Best Practices from Oracle Development's A‑Team

TCP or HTTP: Which one to use for Listener Protocol in OCI Load Balancer?

The OCI load balancing service distributes client traffic to a set of servers. The service only supports TCP and HTTP based traffic. So, what does it mean to support TCP and HTTP traffic? After all, does not HTTP use TCP as the transport protocol? How does the Load Balancer treat TCP traffic differently from HTTP traffic? How do you configure the Load Balancer to handle traffic of either type?  And more importantly, what are the criteria to choose the protocol type – TCP, HTTP - in the Load Balancer configuration? Read on to find more!


The primary entry point into a Load Balancer for the incoming traffic is a Listener.  A Listener is configured to “handle” either HTTP or TCP traffic. This is achieved by choosing either TCP or HTTP as the “Protocol” in the Listener configuration:

Although a Listener can handle a single protocol type, a Load Balancer can have multiple Listener with different protocol types – HTTP, TCP – (as long as the ports are unique), thus supporting both types simultaneously.  The next two sections look into how client traffic is load balanced when the “Protocol” field is set to either TCP or HTTP in the Listener configuration.

Load Balancing TCP Traffic

To demonstrate this scenario, I will be using the following setup:

To keep things simple, the Apache servers use HTTP over port 80.  Accessing the default page on Apache#1 returns “This is Apache httpd1 nossl running on OCI”.  Similarly, Apache#2 returns “This is Apache httpd2 nossl running on OCI”.  Also, the load balancing policy is round-robin with equal weight.

To handle TCP traffic, choose “TCP” from the “Protocol” dropdown in the Listener configuration.


 Next, I issue the following request:

The response is from Apache #1.  I reload the page two more times but the same page is returned.  Looking at the Wireshark traces, we see the following:

We can observe from the above trace that after TCP handshake (#65-67), the browser sent 3 requests to the Load Balancer (#68, 88, 98) and all 3 requests were sent within that connection.  The corresponding responses came from Apache#1 (#70, 92, 99) as highlighted in the above trace: #70 was a HTTP 200 OK response with the content “This is Apache httpd#1 …” while the next two responses were HTTP 304 Not Modified.   After the third request, the connection was closed (initiated by the server).

After the connection closure, if I reload the page, this time I get a response from Apache #2:

Reloading once more still gets me same content from Apache#2.  The Wireshark trace reveals the following:

After a new connection has been opened (#92-94), two requests are sent to the server (#95, 112) and finally the connection gets closed (#132-138).  Both responses (#96, 113) are from Apache#2.

The takeaways from this section are as follows:

  1. The Load Balancer routes all requests within a single TCP connection to the same Backend (Apache#1 or 2).
  2. The Load Balancer alternates distribution (because the traffic distribution policy is round robin here) of the incoming connections between the two Backend.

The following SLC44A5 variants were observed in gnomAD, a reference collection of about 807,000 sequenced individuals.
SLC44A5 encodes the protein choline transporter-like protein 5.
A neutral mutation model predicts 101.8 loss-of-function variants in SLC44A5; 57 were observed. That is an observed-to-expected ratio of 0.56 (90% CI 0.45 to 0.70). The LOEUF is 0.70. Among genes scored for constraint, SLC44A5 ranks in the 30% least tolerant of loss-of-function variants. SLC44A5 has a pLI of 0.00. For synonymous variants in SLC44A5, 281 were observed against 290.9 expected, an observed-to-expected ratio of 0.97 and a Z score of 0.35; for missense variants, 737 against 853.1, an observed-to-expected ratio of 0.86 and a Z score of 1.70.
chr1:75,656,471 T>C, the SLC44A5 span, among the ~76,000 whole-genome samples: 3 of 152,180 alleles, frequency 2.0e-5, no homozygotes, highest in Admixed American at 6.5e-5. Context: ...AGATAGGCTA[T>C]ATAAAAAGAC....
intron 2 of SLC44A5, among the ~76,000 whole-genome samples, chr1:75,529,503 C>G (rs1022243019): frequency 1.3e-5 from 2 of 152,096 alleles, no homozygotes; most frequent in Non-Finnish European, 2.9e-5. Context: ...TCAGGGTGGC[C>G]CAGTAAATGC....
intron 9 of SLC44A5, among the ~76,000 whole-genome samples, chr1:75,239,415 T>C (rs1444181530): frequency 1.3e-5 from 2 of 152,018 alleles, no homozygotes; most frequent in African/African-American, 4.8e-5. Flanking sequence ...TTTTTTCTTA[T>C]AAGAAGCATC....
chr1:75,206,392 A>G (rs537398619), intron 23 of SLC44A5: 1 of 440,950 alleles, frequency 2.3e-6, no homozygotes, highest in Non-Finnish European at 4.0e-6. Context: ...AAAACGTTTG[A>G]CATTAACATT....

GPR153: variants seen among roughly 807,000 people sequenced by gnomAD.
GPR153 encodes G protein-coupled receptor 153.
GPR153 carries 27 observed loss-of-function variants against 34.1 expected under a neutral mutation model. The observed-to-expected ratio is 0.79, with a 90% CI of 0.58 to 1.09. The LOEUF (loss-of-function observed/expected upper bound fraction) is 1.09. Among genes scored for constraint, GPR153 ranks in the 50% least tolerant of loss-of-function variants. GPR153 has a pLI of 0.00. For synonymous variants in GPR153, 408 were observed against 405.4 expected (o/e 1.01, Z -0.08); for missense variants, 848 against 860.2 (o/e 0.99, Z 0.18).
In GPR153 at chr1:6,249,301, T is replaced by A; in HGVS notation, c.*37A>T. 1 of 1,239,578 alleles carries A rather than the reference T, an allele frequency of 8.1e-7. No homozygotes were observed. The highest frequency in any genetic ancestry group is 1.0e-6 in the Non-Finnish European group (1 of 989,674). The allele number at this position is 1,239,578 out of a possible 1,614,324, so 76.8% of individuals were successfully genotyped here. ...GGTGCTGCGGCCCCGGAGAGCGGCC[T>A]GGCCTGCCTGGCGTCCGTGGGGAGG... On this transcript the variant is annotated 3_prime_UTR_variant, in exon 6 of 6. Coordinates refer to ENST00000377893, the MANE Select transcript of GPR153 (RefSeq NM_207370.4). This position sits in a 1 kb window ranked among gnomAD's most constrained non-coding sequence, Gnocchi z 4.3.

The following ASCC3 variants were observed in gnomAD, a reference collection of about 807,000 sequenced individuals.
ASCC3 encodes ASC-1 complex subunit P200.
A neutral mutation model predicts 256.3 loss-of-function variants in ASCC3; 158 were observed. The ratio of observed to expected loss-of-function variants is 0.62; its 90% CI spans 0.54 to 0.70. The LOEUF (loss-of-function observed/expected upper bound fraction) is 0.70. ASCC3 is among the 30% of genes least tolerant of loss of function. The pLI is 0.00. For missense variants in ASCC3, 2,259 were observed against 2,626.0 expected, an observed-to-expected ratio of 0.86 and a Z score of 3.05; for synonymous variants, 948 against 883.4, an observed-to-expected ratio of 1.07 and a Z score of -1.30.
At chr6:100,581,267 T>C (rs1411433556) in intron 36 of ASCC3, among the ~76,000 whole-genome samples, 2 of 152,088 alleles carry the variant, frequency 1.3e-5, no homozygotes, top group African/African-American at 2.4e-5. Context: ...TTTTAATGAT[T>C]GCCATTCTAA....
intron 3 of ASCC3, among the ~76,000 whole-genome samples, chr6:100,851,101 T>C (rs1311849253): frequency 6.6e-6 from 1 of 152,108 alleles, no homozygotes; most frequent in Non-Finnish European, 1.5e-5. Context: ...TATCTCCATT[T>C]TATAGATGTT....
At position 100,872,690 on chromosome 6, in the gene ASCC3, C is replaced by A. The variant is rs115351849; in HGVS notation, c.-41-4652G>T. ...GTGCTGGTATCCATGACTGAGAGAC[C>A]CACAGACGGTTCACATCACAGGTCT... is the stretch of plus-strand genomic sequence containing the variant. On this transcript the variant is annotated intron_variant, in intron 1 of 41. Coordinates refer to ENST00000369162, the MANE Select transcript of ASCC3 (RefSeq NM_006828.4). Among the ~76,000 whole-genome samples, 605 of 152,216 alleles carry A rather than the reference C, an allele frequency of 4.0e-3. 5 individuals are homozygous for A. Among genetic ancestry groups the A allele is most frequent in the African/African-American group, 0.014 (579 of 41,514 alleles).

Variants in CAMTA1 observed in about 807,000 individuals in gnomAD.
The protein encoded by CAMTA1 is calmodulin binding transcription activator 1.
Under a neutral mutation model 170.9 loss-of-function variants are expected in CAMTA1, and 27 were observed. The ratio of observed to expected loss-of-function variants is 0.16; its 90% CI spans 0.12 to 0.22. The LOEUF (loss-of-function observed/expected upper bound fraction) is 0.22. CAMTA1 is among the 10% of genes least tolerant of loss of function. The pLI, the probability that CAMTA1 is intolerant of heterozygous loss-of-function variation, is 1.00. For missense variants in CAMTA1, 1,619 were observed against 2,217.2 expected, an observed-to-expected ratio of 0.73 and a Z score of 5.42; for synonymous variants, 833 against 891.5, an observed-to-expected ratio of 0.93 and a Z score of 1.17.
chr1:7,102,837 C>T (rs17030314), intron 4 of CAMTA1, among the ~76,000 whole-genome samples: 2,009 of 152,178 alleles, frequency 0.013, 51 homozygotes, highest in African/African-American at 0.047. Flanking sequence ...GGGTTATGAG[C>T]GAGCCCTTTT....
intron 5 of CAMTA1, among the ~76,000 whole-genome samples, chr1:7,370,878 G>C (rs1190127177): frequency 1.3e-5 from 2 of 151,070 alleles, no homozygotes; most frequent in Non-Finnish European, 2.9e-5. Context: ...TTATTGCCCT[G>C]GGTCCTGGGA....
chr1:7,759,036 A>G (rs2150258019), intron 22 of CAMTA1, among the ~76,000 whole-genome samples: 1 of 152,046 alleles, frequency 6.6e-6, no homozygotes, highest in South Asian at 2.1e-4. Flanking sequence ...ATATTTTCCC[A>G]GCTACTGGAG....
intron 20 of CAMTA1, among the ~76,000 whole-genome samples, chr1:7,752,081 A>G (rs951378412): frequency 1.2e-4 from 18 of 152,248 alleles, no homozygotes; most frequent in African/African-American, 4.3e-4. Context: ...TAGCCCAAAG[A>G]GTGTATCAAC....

3. The net effect is that the TCP connections are "tunneled" through the Load Balancer.  The application payload is opaque to the Load Balancer.

Load Balancing HTTP Traffic

To handle HTTP traffic, choose “HTTP” from the “Protocol” dropdown in the Listener configuration.

Issuing the following request results in getting the response from Apache#1:

Reloading the page however, fetches the result from Apache#2:

Every subsequent request now alternates between the two Apache servers.  Let us look into the Wireshark traces.

We can see above that after a TCP connection has been established (#146-148), two requests are being made within that same TCP connection. The first response (#151) is coming from Apache#1.  The subsequent response (#205) is from Apache #2:

The takeaways from this section are as follows:

  1. The Load Balancer distributes incoming requests within the same TCP connection, alternately between the two Backend.
  2. Each request is handled independent of the connection.
  3. This also tells us that unlike TCP tunneling, in this case the application payload is getting reconstructed at the Load Balancer before being transported further to the destination.  This allows the Load Balancer to inspect the HTTP requests and responses, apply filters as defined, route messages, etc.


Now that we have a clear understanding what is happening under the hood, let us evaluate the criteria for choosing either TCP or HTTP for the Listener protocol.

  1. Start with the TCP payload: anything but HTTP, TCP is the choice.
  2. For HTTP payload:
    • If SSL is used and a fully encrypted channel is desired between the client (Browser) and the server (Apache), TCP is the choice.  This is SSL tunneling mode - http://www.ateam-oracle.com/load-balancing-ssl-traffic-in-oci
    • For other SSL use cases, HTTP is the choice.
    • If HTTP based request and response processing are desired at the Load Balancer, then choose HTTP.  This includes HTTP header handling, request routing, rule sets and session persistence.


In this blog, we looked into OCI Load Balancer’s Listener configuration with respect to the Protocol field.  We saw the behavior of the Load Balancer for both TCP and HTTP as Listener Protocol.  Based on the observation, we made recommendations for choosing TCP or HTTP for the Protocol field.




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Comments ( 1 )
  • Kamal Raj Guptha. R Wednesday, June 3, 2020
    Once again excellent, clear, simple, detailed explanation with sufficient images and clear-cut takeaway messages and summary messages. Thanks Amit.
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